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Discussion Starter · #1 ·
I’m looking for one below $1000. Everything I’ve found so far tops out at 100w per channel in stereo. I’ve seen more watts per channel but then they fall into an AVR set up for 5.1 and beyond, which is overkill for my stereo wants. TIA


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Why? Do you have inefficient speakers?
 

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Discussion Starter · #7 ·
My current setup up is:

Yamaha RN303
Pair of Elac Debut 2.0 6.2

But I’d like to eventually upgrade to floor stand speakers and I’m not sure my current receiver would have enough to push what I would eventually get. Also, adding mono blocks or a stereo amp may not be possible with the connections I have on my unit.

If anyone sees a solution I’m missing with my current setup please show me the light. Thanks.


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Larger floor standing speakers are typically more efficient than bookshelves, it's a bit counterintuitive. If you want tons of volume there's plenty of affordable ones that are 90dB or more. Klipsch RP spring to mind, their mid-tier floorstander the RP-5000F is listed at 96dB. Andrew Jones, the guy who designed the Elac Debut (and many other speakers) has a habit of making really power hungry small speakers to achieve better bass response.
 

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You might try just getting a receiver you really like and then use a separate power amp.
I have a Pioneer SX727 and I have recapped it twice. It was low on power too, 27ish

watts per channel. I bought a Crown XLS series drivecore 2 1002 amp for about 199.00
on sale. 215w per channel stereo @ 8 ohms. I figured it was so inexpensive I would give it a

shot. I was using old Bose 301 speakers and was amazed how much better the Crown worked
Just incredible.

Class D amps with good DSP processing built in, the XLS amps are ridiculously good.
And cheap too!


I lost all control recently and bought a XLS 2502 on sale. And 2 SRX835 pro cabs to drive.
I am sure many would disagree but I like big drivers for the bass and huge cabinets too.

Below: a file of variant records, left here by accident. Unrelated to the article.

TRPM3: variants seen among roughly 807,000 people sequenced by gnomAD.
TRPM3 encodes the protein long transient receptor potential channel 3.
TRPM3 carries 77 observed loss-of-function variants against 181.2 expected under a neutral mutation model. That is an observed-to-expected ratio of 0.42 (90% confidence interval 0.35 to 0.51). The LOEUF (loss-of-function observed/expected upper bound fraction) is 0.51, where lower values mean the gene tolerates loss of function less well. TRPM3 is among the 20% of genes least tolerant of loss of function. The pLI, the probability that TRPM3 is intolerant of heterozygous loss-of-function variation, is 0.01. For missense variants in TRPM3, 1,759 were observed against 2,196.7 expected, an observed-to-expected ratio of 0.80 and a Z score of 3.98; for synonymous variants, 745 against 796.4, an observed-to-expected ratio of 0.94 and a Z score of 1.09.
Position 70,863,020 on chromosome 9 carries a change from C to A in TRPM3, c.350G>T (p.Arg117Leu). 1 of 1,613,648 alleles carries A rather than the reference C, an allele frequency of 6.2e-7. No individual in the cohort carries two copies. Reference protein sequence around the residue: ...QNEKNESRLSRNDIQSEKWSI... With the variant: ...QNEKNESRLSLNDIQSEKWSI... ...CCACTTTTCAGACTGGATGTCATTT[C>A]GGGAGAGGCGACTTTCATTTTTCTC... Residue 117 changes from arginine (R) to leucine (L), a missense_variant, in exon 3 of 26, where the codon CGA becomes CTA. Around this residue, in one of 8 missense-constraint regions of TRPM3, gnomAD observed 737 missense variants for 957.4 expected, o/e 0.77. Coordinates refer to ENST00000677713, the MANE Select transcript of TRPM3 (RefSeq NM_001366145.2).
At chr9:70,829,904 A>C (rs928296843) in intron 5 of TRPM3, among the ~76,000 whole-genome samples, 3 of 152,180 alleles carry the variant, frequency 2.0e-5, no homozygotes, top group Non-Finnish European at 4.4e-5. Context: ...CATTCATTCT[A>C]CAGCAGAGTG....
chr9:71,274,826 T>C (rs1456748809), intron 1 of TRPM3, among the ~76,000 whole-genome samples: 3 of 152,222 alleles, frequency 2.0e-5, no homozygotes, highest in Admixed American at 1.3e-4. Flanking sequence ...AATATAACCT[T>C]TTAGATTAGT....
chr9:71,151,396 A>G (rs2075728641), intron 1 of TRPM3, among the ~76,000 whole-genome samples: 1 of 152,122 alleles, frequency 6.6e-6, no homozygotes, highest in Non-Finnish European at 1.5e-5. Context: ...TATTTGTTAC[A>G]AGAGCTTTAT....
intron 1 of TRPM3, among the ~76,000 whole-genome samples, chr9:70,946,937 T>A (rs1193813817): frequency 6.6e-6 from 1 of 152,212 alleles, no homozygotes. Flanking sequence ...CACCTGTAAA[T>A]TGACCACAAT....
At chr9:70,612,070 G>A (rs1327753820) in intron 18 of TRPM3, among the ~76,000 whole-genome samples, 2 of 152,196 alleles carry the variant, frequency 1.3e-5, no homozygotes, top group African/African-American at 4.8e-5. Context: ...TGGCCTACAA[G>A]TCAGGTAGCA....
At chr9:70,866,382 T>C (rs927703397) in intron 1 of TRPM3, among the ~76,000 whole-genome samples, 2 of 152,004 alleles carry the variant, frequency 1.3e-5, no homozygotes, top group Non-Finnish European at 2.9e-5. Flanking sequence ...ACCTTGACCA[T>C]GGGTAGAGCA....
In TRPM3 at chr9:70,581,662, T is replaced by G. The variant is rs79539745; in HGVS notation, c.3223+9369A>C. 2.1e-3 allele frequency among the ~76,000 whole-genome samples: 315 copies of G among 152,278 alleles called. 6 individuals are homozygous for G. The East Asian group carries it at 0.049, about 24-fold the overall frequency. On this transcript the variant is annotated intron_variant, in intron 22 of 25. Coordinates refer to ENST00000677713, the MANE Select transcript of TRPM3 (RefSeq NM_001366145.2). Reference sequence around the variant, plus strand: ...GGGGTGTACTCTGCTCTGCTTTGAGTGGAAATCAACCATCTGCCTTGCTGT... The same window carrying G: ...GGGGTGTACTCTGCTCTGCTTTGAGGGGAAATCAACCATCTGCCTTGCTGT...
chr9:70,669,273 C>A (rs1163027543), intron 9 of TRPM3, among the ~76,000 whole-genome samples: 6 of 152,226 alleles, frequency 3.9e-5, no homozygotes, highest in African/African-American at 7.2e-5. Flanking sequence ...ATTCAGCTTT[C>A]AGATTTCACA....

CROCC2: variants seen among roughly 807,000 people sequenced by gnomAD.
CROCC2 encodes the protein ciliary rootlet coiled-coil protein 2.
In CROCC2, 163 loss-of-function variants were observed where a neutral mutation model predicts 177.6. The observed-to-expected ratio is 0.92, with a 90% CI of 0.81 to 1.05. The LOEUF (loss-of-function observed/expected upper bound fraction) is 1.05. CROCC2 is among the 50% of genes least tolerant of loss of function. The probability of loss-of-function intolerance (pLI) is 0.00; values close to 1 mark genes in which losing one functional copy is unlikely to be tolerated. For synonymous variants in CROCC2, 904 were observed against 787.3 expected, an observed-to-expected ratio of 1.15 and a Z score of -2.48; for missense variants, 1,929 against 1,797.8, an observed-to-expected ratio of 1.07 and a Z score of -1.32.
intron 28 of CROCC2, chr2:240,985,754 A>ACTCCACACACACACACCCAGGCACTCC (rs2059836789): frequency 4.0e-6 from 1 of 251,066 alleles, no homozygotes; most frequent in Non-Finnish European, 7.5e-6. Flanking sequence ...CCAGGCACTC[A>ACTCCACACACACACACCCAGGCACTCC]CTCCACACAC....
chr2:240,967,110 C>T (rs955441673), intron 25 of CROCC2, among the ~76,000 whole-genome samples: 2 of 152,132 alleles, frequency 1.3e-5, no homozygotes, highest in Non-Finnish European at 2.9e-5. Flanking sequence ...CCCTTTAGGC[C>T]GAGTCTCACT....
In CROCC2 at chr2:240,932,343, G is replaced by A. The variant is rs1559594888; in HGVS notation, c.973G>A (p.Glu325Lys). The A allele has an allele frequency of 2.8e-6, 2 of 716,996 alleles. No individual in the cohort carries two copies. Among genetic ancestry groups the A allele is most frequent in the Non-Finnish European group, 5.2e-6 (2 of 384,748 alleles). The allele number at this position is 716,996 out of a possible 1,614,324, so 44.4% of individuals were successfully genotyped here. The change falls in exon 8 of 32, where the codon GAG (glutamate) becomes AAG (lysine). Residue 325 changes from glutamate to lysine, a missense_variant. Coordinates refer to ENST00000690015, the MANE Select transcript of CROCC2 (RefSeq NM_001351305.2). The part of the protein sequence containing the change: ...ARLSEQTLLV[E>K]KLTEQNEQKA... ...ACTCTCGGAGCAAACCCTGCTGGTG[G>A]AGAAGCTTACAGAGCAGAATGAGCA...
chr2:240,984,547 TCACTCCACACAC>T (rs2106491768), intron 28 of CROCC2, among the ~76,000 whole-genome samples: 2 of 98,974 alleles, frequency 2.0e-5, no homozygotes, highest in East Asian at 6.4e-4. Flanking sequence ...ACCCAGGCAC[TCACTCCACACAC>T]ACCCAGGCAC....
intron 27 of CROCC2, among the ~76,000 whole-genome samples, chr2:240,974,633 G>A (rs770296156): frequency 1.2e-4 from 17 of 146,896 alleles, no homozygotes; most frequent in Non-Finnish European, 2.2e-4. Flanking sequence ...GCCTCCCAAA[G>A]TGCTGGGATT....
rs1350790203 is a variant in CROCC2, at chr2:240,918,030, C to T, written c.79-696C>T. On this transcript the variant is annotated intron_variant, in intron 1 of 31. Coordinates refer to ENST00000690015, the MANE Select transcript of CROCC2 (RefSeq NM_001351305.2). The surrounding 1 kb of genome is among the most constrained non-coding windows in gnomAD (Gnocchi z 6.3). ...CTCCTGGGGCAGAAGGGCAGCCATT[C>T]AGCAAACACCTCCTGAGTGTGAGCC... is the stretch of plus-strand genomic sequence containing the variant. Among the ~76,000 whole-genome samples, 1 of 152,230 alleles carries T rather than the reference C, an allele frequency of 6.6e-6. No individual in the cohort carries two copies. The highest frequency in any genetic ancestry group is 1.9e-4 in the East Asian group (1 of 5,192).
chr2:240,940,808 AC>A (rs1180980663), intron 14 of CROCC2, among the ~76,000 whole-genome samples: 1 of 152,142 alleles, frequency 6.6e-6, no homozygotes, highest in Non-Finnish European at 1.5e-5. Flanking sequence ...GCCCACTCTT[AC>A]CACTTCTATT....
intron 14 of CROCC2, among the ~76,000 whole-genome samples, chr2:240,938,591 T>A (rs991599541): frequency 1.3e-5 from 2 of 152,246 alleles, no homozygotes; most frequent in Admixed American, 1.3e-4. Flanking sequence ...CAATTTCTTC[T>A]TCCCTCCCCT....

These 3 ways have 15 inch lf drivers and are also 96db/watt at 1 meter.


I now have the most ridiculous system I have ever used, At 8 ohms stereo the 2502 is rated at
440w per channel...plenty for any normal house. No need for subs either.


I strongly recommend the XLS drivecore 2 amp line. They are quiet, powerful, and flat. And they weigh
nothing! (unlike my ridiculous speaker choice). No one has to settle for low power anymore...
Buy an inexpensive pro amp (or amps) and go nuts. Seriously, I can't get over how well these amps perform!
 

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Myth. The cost of the speaker has got nothing to do with the required rated output of the amplifier.
MYTH - the cost suggested as a 'starting point' for harder to drive, esoteric speakers begin in that range. A $10 speaker can generally be driven by a 9 volt powered AM transistor radio while that same AM transistor radio wouldn't begin to be heard on [generally] $2000 speakers.
 
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Myth. The cost of the speaker has got nothing to do with the required rated output of the amplifier.
Agreed.

The power needed for a speaker with a typical 8 ohm load depends on:

- how loud you like your music and how dynamic it is

- the size of the room
- how many speakers are contributing to the main sound (don't count surround speakers)
- the reflectivity of the room (to a small degree)
- the amount of boundary reinforcement (although this does not boost output uniformly. It favors the bass.]
- the seated distance

and the really big one. . .

- the speaker's sensitivity, usually expressed as "X dB SPL output measured at 1 meter with 1 watt input (or 2.83V into an 8ohm load)"

In a loose sense you "need less power" if you use a bass-managed sub providing its own power for the the most power hungry part of the music to reproduce, the deep bass, but this added perk is smaller than most people realize.
 

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Myth. The cost of the speaker has got nothing to do with the required rated output of the amplifier.

It was just a simple statement, not a hard fact. Obviously cost really has nothing to do with it, but I'd like to know what speakers under that pricepoint couldn't be run with a true 100wpc.

If you'd like to add that info, I'd be all ears.

(but it's going to be the flat panels of the world, which is why I said 95% and not 100%).
 

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The difference between 100 wpc and 150 wpc is 1.5dB, i.e. barely perceptible by the human ear.

Let's say your speaker is 84dB efficient (1 watt, at one meter) , so here is how it goes, using those 150 watts:

87dB @ 2 watts
90dB @ 4 watts
93dB @ 8 watts
96dB @ 16 watts
99dB @ 32 watts
102dB @ 64 watts
105dB @ 128 watts

Yeah you subtract a few dB for additional distance, but as you can see, the difference in dB, once you begin to get up there in power, is minimal. Plus, 84dB is really loud at just one watt. I typically listen at 75 dB, as that is a comfortable level for my ears in my room (using about .1 watt @ 84 dB efficiency rating).